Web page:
Who do you blame for the housing crash? (ChicagoNow)

By Dan Rafter

June 2, 2010

Are you one of the more than 23 percent of U.S. homeowners who is underwater on a mortgage loan, according to new figures from Zillow.com? If so, who do you blame for it?

Who do you blame for the rapid rise in housing values during the housing boom years, those magical years that came to an all-too-sudden end sometime in mid- to late-2006? And who do you then blame for the steep decline in housing prices that followed?

I'm underwater on my own mortgage loan. I know how natural it is to look for a bad guy. Problem is, when it comes to the residential real estate crash, there really is no one villain.

A lot of people want to blame all those loans that mortgage lenders and banks made to low-income borrowers. But that doesn't account for the fact that so many housing foreclosures today are of solidly middle- or upper-class homeowners who had solid credit scores and good incomes when they first took out their mortgage loans. A lot of these people have lost their jobs, which makes it hard to make a mortgage payment.

It doesn't take into account, either, the oddball loan products that banks and lenders developed. Loans in which borrowers didn't have to present any paperwork to verify their income? Loans that required down payments of zero percent? Interest-only loans? These loan products practically invited high default rates.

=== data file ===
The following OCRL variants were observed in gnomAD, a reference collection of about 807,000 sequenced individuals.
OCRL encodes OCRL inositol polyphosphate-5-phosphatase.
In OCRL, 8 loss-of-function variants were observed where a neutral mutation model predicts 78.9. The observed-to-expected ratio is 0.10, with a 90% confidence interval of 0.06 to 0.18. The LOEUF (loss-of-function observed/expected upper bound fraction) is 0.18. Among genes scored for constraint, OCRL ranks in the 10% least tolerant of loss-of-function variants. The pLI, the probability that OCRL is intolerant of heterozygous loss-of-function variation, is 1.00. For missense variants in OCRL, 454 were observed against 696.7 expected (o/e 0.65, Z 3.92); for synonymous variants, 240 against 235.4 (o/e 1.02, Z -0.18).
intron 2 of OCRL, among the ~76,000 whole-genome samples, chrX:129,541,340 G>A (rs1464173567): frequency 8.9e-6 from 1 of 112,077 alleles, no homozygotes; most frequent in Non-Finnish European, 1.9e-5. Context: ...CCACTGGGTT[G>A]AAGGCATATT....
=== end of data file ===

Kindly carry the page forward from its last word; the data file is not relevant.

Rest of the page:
So don't blame only the loans made to poorer borrowers with bad credit histories. Yes, they contributed to the residential real estate fall. But if you look a bit closer, you'll see that they were only part of the problem. In fact, there's a good argument to be made that lenders and banks have long victimized these borrowers.

A new study, "Paying More for the American Dream IV," which was compiled in part by Chicago's Woodstock Institute, says that mortgage lenders have virtually abandoned neighborhoods that are mostly made up of minorities. The report says that lenders and banks have offered 60.3 percent fewer conventional, or prime loans, in neighborhoods that are largely minority from 2006 through 2008. During the same period, banks and lenders have cut prime lending in neighborhoods that are mostly white only by 28.4 percent.

This means that today's minority home buyers in cities that are largely segregated, such as Chicago, have great odds of having to take out a high-interest-rate subprime mortgage loan. The American Dream IV study also mentions that banks and lenders mostly ignored minority neighborhoods until the housing boom years.

So again, here's the big question: Who did the most to cause the housing slump that we're suffering through now?

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